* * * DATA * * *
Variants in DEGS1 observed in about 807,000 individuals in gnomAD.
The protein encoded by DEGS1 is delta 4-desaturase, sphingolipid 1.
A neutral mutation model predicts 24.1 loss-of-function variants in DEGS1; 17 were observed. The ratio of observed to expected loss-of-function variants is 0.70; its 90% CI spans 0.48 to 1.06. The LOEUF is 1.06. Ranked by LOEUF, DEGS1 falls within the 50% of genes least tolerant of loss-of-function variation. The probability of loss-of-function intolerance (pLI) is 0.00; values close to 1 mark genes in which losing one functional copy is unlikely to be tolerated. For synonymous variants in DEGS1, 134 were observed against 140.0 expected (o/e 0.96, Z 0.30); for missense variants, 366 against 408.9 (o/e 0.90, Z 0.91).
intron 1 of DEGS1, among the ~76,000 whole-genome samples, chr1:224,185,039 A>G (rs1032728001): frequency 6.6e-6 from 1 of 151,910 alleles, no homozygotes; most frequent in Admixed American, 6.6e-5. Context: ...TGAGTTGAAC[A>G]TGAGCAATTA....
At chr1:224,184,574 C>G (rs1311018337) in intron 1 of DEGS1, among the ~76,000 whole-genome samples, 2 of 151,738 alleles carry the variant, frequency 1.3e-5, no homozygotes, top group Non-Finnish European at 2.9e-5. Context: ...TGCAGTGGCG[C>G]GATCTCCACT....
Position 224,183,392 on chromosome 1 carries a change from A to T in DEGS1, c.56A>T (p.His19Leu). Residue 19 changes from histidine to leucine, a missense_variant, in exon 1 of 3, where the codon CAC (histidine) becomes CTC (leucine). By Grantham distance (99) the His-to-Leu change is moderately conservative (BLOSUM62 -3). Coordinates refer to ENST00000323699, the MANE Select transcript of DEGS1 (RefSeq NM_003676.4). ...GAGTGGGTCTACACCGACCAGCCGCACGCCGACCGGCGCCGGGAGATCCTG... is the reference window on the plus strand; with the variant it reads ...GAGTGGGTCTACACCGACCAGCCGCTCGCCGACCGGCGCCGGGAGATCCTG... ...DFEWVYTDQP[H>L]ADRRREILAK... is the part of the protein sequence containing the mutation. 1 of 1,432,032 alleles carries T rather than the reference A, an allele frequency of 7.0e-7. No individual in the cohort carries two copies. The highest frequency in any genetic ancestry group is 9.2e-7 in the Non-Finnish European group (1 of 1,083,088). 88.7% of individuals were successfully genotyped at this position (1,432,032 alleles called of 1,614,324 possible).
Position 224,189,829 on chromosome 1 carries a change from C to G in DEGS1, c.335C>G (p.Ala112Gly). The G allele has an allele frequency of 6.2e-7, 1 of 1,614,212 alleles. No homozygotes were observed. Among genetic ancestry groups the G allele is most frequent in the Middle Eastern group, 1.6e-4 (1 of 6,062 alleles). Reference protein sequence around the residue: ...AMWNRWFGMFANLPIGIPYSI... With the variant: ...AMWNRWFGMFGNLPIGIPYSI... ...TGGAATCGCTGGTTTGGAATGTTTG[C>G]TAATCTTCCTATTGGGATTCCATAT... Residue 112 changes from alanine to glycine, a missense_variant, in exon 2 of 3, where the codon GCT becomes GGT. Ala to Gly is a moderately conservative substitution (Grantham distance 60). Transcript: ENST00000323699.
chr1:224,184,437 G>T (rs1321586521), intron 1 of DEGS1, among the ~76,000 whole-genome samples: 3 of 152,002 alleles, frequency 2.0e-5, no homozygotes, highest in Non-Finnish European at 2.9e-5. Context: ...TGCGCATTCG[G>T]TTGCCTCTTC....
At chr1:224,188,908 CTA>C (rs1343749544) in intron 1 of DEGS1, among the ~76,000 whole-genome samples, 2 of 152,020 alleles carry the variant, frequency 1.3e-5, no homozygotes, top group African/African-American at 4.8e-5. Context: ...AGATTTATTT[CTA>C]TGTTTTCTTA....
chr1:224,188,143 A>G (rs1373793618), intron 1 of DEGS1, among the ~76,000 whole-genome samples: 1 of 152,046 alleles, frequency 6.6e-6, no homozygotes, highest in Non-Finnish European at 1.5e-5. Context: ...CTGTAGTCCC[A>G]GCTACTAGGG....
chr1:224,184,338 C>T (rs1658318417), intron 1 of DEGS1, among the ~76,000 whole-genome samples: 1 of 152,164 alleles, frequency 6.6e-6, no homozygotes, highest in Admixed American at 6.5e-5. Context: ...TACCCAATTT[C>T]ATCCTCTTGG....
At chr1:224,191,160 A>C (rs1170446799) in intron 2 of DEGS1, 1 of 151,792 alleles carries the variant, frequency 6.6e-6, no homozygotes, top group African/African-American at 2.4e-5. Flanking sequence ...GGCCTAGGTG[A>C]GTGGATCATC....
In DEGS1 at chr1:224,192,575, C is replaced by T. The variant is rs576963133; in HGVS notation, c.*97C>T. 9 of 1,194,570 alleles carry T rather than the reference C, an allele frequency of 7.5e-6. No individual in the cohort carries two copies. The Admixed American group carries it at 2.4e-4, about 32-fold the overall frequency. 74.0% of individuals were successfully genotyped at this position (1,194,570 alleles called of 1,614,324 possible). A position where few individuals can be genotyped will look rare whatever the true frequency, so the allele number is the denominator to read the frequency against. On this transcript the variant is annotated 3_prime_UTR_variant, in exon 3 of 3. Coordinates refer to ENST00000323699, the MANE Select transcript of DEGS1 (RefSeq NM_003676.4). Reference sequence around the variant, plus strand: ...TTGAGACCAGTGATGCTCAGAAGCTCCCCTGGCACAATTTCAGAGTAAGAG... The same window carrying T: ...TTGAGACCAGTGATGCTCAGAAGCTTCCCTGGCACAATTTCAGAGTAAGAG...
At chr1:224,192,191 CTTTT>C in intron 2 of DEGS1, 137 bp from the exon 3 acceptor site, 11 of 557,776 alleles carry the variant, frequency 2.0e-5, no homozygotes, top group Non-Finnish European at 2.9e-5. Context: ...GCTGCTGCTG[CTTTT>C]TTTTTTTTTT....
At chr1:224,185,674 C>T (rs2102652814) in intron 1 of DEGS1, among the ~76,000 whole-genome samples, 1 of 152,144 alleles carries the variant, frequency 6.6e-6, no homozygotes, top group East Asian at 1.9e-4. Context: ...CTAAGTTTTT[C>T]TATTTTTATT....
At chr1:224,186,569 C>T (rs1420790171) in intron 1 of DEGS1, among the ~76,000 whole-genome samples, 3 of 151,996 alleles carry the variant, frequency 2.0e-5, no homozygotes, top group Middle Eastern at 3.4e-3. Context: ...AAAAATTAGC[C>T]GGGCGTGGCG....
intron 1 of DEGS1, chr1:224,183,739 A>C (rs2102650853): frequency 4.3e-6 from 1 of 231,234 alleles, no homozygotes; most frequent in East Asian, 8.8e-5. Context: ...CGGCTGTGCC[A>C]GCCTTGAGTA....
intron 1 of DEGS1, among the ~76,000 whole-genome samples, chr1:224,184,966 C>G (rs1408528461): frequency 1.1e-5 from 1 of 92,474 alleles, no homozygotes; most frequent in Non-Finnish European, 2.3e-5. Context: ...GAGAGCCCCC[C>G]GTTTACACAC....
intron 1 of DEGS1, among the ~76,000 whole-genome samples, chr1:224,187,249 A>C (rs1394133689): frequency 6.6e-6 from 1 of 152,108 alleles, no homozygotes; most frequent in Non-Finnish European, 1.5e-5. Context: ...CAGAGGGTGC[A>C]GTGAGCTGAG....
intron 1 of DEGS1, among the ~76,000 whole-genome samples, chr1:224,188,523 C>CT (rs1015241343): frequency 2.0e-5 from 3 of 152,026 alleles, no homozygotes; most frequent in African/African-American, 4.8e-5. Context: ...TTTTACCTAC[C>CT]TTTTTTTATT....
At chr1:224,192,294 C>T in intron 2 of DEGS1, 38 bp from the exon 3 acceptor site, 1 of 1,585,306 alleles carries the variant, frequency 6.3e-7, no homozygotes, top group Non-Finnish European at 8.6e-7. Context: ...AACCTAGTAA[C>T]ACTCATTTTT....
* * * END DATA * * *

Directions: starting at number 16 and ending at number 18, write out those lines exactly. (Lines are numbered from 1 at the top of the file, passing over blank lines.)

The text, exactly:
At chr1:224,186,569 C>T (rs1420790171) in intron 1 of DEGS1, among the ~76,000 whole-genome samples, 3 of 151,996 alleles carry the variant, frequency 2.0e-5, no homozygotes, top group Middle Eastern at 3.4e-3. Context: ...AAAAATTAGC[C>T]GGGCGTGGCG....
intron 1 of DEGS1, chr1:224,183,739 A>C (rs2102650853): frequency 4.3e-6 from 1 of 231,234 alleles, no homozygotes; most frequent in East Asian, 8.8e-5. Context: ...CGGCTGTGCC[A>C]GCCTTGAGTA....
intron 1 of DEGS1, among the ~76,000 whole-genome samples, chr1:224,184,966 C>G (rs1408528461): frequency 1.1e-5 from 1 of 92,474 alleles, no homozygotes; most frequent in Non-Finnish European, 2.3e-5. Context: ...GAGAGCCCCC[C>G]GTTTACACAC....